This past holiday season, I met the farmer who raised my Thanksgiving turkey. I didn’t go to his farm, though, nor did I run into him at a farmers’ market. Rather, I tracked him down using a blockchain, the same technology that underpins bitcoin and other so-called cryptocurrencies.
Mike Neal was just as delighted to talk to me as I was to find him. “I’m just thrilled that you would buy a turkey that came off my farm,” he told me over the phone. When I mentioned that I purchased his turkey near St. Louis, Missouri, he was even more surprised. “I was just under the assumption that almost all of my turkeys were all sold in Texas.”
Under the current agricultural system, it’s the norm for both the farmer and consumer to be disconnected. Neal raises flocks of 50,000 turkeys a couple times a year on his farm, outside of Crawford, Texas. The turkeys are owned and hatched by Cargill, and up until recently, there wouldn’t have been an easy way for the consumer or farmer to follow that vast food chain. The blockchain changes that.
Last year, when a flock of newborn turkeys made the journey to Neal’s farm, the occasion was marked in a digital file or block of information. The baby turkeys, called poults, spent just over 90 days on the farm roaming their turkey house to drink and eat and growing to about 15 pounds without the aid of growth hormones or growth-inducing antibiotics.
Then the flock was sent to the processor, and once again, a new block was created marking the processor’s name, its location, and the turkey’s arrival. This new block was linked to the previous one in such a way that the information was, for all intents and purposes, immutable. Finally, my turkey became one of the many birds filling store freezers last Thanksgiving.
While blockchains were first created to underpin the bitcoin cryptocurrency, the technology is spreading to the far corners of our economy. Banks like Goldman Sachs and UBS are exploring blockchain technology and how it might apply to existing financial markets, and companies like IBM and GE are looking to apply it to diverse industries including healthcare and electricity. Blockchains have the potential to find their way into just about any transaction that requires verification, which represents a significant portion of the world’s economy.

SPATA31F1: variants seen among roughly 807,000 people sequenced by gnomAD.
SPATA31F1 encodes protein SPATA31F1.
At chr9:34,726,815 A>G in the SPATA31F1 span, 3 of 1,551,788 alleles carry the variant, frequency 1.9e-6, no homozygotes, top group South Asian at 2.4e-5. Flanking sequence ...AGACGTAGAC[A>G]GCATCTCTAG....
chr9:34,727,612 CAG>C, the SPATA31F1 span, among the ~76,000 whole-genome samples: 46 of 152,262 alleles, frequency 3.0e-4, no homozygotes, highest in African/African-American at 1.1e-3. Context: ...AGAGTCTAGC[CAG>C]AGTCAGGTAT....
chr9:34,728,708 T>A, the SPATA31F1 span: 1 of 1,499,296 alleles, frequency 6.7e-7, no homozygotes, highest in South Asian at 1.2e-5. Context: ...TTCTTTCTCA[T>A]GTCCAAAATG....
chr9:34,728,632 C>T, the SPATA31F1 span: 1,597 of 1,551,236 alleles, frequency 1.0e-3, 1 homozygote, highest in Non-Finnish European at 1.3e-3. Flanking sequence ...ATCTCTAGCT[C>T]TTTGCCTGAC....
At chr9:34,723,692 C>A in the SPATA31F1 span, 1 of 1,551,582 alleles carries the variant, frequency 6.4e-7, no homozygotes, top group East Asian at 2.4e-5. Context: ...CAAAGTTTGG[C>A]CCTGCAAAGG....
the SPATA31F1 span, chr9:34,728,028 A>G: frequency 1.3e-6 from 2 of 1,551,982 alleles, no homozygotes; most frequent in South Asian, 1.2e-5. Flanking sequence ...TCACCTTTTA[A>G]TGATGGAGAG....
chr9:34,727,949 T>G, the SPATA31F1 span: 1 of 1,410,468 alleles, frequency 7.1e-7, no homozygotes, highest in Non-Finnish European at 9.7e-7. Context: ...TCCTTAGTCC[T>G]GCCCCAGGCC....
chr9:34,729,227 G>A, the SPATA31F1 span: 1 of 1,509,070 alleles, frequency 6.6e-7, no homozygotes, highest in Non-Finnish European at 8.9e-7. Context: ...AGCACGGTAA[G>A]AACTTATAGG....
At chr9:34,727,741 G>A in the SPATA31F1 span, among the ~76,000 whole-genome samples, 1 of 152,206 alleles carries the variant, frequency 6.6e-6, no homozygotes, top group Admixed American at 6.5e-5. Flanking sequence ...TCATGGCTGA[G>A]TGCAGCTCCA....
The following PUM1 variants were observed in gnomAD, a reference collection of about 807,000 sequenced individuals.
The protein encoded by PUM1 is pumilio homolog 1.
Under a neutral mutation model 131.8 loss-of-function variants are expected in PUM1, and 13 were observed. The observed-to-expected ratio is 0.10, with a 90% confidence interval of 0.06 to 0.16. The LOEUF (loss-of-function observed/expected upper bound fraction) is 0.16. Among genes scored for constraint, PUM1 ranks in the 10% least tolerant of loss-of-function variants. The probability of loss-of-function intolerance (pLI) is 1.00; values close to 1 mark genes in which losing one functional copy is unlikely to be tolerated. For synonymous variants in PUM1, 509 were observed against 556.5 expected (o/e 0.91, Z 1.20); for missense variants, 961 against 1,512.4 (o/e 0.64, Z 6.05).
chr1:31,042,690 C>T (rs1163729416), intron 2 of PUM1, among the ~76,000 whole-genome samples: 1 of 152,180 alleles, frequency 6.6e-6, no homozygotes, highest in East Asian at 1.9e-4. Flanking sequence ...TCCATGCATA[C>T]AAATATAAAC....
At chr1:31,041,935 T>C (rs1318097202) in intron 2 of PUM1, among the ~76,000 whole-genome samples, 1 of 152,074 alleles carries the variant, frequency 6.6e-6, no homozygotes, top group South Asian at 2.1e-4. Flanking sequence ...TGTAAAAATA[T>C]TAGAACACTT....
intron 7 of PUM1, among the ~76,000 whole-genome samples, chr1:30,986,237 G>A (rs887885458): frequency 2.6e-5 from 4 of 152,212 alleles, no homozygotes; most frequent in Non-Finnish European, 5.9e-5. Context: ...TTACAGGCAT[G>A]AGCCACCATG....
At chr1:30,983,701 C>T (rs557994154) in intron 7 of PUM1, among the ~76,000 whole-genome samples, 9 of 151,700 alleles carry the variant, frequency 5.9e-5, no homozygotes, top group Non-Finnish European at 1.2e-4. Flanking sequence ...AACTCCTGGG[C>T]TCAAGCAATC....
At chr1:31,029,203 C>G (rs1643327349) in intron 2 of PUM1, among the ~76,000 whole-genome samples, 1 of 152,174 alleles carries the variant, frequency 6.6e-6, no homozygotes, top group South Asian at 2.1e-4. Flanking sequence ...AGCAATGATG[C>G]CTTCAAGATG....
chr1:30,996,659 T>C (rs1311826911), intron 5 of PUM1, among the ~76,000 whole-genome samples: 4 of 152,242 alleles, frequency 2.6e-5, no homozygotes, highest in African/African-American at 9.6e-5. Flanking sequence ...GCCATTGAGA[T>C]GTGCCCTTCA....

Behind the Blockchain
Supply chains, like those that raised, processed, and sold my turkey, are well-suited to blockchains because, at heart, they consist of a series of transactions. Trust in those transactions is part of what makes a supply chain valuable, just like with currencies like bitcoin.
On some level, blockchains and the trust they inspire are what gives bitcoin and other cryptocurrencies their value. In a blockchain, transactions are recorded to an open ledger that everyone can see. Once entries have been made to the ledger, it’s extraordinarily difficult to change them—practically impossible given today’s computing power.
The immutable nature of blockchain relies on the fact that each transaction has its own digital signature that’s then cryptographically crunched into what’s known as a hash. Each transaction or block is represented by one of these hashes, and each subsequent block contains the hash of the previous one. If someone were to try to alter the blockchain—say, to steal bitcoin or falsify information about the way turkey was raised—they would have to alter that block and all of the blocks that came after it to ensure that the hash record lines up. The amount of work required to do that is substantial enough to make a blockchain essentially impervious.